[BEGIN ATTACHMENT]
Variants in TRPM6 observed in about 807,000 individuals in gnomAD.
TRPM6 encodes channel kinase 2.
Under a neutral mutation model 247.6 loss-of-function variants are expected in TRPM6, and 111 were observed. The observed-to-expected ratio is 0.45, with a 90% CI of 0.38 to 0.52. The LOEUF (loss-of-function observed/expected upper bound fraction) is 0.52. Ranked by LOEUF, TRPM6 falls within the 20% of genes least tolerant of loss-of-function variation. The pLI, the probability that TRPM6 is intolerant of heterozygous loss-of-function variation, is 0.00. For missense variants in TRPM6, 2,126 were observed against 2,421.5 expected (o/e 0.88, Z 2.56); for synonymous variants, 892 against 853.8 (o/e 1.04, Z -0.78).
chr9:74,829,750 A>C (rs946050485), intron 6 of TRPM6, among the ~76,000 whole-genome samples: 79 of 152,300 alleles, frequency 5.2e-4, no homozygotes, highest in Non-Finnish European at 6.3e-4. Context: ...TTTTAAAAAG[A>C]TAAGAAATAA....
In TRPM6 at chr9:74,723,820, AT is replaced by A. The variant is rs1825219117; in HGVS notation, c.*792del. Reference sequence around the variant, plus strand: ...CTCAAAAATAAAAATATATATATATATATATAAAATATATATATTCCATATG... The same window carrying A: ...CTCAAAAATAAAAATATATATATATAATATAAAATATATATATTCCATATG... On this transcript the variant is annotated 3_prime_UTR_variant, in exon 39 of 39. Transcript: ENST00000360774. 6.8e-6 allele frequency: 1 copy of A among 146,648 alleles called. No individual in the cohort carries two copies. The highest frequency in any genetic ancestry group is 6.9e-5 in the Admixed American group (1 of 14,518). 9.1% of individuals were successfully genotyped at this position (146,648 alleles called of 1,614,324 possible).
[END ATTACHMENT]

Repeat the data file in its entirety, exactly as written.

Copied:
Variants in TRPM6 observed in about 807,000 individuals in gnomAD.
TRPM6 encodes channel kinase 2.
Under a neutral mutation model 247.6 loss-of-function variants are expected in TRPM6, and 111 were observed. The observed-to-expected ratio is 0.45, with a 90% CI of 0.38 to 0.52. The LOEUF (loss-of-function observed/expected upper bound fraction) is 0.52. Ranked by LOEUF, TRPM6 falls within the 20% of genes least tolerant of loss-of-function variation. The pLI, the probability that TRPM6 is intolerant of heterozygous loss-of-function variation, is 0.00. For missense variants in TRPM6, 2,126 were observed against 2,421.5 expected (o/e 0.88, Z 2.56); for synonymous variants, 892 against 853.8 (o/e 1.04, Z -0.78).
chr9:74,829,750 A>C (rs946050485), intron 6 of TRPM6, among the ~76,000 whole-genome samples: 79 of 152,300 alleles, frequency 5.2e-4, no homozygotes, highest in Non-Finnish European at 6.3e-4. Context: ...TTTTAAAAAG[A>C]TAAGAAATAA....
In TRPM6 at chr9:74,723,820, AT is replaced by A. The variant is rs1825219117; in HGVS notation, c.*792del. Reference sequence around the variant, plus strand: ...CTCAAAAATAAAAATATATATATATATATATAAAATATATATATTCCATATG... The same window carrying A: ...CTCAAAAATAAAAATATATATATATAATATAAAATATATATATTCCATATG... On this transcript the variant is annotated 3_prime_UTR_variant, in exon 39 of 39. Transcript: ENST00000360774. 6.8e-6 allele frequency: 1 copy of A among 146,648 alleles called. No individual in the cohort carries two copies. The highest frequency in any genetic ancestry group is 6.9e-5 in the Admixed American group (1 of 14,518). 9.1% of individuals were successfully genotyped at this position (146,648 alleles called of 1,614,324 possible).